Pre-history of Gur-Emir Mausoleum

Amir Timur was a great military leader of Central Asia in the 14th-15th centuries. During his lifetime he was able to conquer a large number of countries and establish the Timurid Empire with its capital city Samarkand. Towards the end of his life, Amir Timur decided, that after his death, his grandson Muhammad Sultan would be the heir to the throne. The latter was considered a very educated man and was a brave warrior. After Muhammad Sultan was announced to be a Timur’s successor, he ordered the construction of a madrasah and a khanaka (a hostel for dervishes) in Samarkand. The children and grandchildren of the royal families were educated in the madrasah, therefore theology and the Sharia were only part of their education. Children from royal families were prepared here to be future rulers. The madrasah was active until the 17th century. The khanaka stopped being used as traditional accommodation early on; it mainly housed respected clergy, wealthy merchants and state guests. None of these buildings had survived the passage of time; today only the foundation walls remain.

Gur-emir Mausoleum, Samarkand Adras Travel
Gur-Emir Mausoleum, Samarkand


Muhammad Sultan was assassinated in 1403 during a campaign in Asia Minor (present-day Turkey). His body was brought to Samarkand and Amir Timur ordered the construction of a mausoleum for his beloved grandson. Timur decided to bury him in the place already associated with his grandson’s name through the madrasah and the khanaka.

Construction of Gur-Emir Mausoleum

The construction of the mausoleum began in 1403 and already a year later the building was almost finished, only the cladding of the building was missing. At that moment Timur undertook a campaign to China; it happened to be his last. Despite his age, he began his campaign in winter. In persistent frost, he caught a cold and subsequently died from pneumonia in the Otrat city (present-day Turkestan in Kazakhstan). His body was brought to Samarkand and the family decided to bury him next to his grandson Muhammad Sultan in the Gur-Emir Mausoleum.

After Timur’s death, his fourth son Shahrukh took over his father’s empire and appointed his son Ulugbek as governor of Transoxania. Under Ulugbek’s leadership, the entrance portal of the mausoleum was completed.

The tombs in Gur-Emir Mausoleum

The Gur-Emir is a family mausoleum. There are nine graves in total: Tamerlane himself, two of his sons (Shahrukh and Miranshah), two of his grandsons (Ulugbek and Muhammad Sultan) and two of his great-grandchildren (the sons of Ulugbek) are buried here. In addition, Timur’s spiritual mentor Mir Said Baraka also found his final resting place in the mausoleum. In a niche, there is also the tomb of another clergyman. This grave was already on this site before the mausoleum was built and, according to Muslim tradition, was not to be touched.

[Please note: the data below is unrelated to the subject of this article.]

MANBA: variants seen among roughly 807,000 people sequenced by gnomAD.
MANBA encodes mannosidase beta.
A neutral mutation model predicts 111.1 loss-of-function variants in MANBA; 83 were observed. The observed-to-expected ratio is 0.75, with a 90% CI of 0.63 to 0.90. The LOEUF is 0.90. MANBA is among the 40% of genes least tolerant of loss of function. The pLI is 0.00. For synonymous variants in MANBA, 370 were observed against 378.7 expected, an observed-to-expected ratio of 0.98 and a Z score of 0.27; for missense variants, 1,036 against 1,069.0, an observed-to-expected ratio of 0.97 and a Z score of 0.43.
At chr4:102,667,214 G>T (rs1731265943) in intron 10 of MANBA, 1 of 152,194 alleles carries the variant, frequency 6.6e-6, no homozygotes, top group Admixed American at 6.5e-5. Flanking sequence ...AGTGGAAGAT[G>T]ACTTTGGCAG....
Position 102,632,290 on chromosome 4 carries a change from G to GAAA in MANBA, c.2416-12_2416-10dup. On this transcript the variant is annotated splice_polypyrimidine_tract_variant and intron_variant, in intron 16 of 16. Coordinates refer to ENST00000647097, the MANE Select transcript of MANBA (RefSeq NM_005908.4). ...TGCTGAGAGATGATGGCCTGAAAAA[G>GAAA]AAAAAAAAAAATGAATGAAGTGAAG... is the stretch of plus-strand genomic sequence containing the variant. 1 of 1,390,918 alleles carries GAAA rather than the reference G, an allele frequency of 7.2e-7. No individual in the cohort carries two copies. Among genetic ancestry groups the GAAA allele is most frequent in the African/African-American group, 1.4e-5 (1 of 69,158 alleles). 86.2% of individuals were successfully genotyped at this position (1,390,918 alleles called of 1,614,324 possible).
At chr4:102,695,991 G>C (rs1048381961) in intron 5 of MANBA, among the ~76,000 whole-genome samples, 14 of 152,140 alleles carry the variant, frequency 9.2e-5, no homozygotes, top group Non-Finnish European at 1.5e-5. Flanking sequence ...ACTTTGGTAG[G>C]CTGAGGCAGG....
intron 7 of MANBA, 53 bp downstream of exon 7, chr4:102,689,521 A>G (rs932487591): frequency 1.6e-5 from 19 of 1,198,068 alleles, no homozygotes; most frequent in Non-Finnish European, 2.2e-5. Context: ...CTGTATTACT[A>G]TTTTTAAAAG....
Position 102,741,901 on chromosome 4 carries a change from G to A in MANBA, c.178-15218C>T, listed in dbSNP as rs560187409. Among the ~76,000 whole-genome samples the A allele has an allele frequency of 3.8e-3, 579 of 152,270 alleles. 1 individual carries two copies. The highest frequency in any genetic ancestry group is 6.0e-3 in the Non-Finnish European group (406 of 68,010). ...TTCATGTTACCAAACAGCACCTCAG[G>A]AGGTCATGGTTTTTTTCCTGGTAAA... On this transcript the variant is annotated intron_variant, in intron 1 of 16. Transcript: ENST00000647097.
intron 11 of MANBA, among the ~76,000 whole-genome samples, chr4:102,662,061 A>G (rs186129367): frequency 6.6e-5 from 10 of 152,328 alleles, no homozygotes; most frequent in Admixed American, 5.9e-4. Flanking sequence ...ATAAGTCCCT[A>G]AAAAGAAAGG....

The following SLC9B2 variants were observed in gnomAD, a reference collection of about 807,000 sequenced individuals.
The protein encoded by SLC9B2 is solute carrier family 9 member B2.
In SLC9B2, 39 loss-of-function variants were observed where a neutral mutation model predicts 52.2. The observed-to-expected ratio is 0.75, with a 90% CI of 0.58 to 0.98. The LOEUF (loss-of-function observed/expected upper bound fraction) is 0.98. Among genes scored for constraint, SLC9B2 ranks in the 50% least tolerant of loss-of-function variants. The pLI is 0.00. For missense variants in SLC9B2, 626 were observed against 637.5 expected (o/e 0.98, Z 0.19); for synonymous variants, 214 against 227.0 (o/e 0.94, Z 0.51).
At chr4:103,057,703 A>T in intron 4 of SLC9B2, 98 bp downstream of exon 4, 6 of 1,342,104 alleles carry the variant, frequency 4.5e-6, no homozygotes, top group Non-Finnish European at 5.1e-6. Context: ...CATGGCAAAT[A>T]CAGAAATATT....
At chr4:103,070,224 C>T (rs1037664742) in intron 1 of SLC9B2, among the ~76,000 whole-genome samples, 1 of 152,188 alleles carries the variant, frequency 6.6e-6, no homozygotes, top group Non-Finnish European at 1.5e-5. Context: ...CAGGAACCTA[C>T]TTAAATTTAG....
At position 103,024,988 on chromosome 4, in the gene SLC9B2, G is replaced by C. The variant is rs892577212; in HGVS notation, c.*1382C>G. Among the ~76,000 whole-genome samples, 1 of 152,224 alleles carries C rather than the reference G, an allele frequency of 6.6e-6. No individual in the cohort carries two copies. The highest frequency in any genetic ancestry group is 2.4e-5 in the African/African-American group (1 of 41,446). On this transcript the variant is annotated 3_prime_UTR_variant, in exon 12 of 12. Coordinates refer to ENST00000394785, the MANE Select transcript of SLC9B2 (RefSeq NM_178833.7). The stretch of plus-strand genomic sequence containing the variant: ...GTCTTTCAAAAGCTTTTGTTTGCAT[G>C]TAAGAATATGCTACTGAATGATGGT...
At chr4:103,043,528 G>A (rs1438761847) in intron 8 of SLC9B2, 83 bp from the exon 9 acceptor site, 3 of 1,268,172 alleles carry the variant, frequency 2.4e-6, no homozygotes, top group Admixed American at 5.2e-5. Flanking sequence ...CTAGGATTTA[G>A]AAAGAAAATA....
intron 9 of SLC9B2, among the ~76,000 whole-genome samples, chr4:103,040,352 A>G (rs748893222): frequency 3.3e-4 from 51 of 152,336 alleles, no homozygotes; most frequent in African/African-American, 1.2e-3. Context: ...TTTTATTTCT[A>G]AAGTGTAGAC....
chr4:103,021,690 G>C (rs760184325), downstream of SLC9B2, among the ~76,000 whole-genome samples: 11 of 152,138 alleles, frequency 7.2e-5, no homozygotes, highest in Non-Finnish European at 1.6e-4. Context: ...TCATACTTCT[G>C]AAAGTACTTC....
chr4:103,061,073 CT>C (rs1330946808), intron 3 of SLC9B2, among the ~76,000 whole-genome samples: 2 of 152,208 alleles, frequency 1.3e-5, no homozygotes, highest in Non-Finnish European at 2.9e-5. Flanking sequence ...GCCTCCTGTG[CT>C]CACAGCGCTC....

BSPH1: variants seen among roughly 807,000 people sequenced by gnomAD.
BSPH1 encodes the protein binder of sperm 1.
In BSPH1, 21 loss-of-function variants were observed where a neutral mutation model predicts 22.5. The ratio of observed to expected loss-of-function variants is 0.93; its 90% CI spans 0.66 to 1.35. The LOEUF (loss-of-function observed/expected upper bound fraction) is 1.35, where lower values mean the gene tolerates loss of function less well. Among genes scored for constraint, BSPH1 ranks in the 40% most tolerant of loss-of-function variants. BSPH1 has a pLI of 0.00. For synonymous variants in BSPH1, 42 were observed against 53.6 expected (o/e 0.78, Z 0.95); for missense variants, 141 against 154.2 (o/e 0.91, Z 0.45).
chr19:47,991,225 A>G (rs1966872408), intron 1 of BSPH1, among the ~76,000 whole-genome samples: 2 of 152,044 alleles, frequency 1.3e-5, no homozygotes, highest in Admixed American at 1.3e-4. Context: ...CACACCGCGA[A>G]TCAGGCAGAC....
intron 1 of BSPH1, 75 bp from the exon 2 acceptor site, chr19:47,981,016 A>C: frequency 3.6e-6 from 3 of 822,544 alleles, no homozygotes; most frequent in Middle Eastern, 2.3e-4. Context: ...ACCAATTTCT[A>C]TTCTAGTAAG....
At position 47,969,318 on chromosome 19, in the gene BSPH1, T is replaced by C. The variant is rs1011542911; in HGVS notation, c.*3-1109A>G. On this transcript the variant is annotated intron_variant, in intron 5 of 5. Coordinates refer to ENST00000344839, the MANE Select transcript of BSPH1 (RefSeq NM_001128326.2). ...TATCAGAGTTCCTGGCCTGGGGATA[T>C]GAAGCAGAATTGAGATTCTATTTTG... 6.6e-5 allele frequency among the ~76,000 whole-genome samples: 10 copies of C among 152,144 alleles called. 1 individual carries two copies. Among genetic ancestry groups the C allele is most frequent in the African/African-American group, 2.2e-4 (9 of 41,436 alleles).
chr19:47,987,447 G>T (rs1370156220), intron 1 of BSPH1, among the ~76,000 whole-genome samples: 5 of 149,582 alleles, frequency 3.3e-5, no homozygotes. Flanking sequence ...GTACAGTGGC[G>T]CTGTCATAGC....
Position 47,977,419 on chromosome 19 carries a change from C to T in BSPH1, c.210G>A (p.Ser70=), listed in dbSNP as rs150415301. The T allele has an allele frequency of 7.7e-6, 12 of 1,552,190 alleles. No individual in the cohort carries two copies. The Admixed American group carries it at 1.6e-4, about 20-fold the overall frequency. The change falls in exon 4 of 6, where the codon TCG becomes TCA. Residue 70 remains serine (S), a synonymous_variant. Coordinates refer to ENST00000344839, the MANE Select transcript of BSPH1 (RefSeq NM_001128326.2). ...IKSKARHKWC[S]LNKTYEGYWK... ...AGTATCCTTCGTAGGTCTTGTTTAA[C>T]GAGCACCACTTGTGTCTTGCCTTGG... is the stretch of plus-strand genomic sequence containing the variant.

Despite all these important people of the Timurid dynasty, the mausoleum is known as Timur’s mausoleum.

Gur-emir entrance, Samarkand
Entrance to Gur-Emir Mausoleum

Gur-Emir Mausoleum: the legend of tombs opening

On 22 June (19 June) 1941 a group of archaeologists and scientists led by the anthropologist Gerasimov and the Uzbek scientist Karaniyazov went down into the basement of the mausoleum and opened the tombs of the crypt. The first thing they confirmed was that for almost 500 years no one had opened those tombs, although robbers could be tempted by the treasures that might have been hidden there. The second fact that surprised them was that Timur’s body was lying in a coffin: Muslims are buried without a coffin, wrapping the body only in a shroud.
An autopsy revealed that Tamerlane was 172cm in height. The historical chronicles have always described him as a very tall man. For the time of the 14th century, Timur’s height was above average.
Further investigations showed that he had an injury to his right knee and the elbow of his right arm. It confirmed that Timur was lame and explained why in historical chronicles he was called Timur-i-leng (Lame Timur). In addition, the index finger of his right hand was injured and a big scar was on his forehead. All this indicated that he was a brave warrior.
When Ulugbek’s grave was opened, it was immediately confirmed that he had been decapitated, his skull was placed next to his skeleton.

great patriotic war*

*The Great Patriotic War is a term used in Russia and other former republics of the Soviet Union to describe the conflict fought during the period from 22 June 1941 to 9 May 1945 primarily between the Soviet Union and Nazi Germany.

The remains of Timur and Ulugbek were taken to Moscow for further investigation. Anthropologist Gerasimov was able to make facial reconstruction of Timur and Ulugbek using the process of recreating the face of the individual from its skeletal remains (forensic facial reconstruction).
Local citizens were against the uncovering of the graves; elders were telling that negative things might happen. The day after the graves opening, Nazi Germany invaded the Soviet Union. Local people linked it to a curse about the graves opening. The indigenes were telling that the bodies must be returned to the mausoleum, otherwise, Timur’s spirit would not rest.

samarkand, gur-emir at night
Gur-Emir Mausoleum at night

In December 1942 the remains were returned to Samarkand. The day after, Soviet troops won the first battle in Stalingrad (present Volgograd), taking a decisive turn in the war. The people of Samarkand again linked the victory with the return of the remains to their homeland.
A reburial commission was assembled in Samarkand. It was decided to bury Timur following Muslim tradition, at the bottom of the grave without the coffin. The coffin was given to the State Museum of History and Culture of Samarkand.


Architectural Monuments of Samarkand

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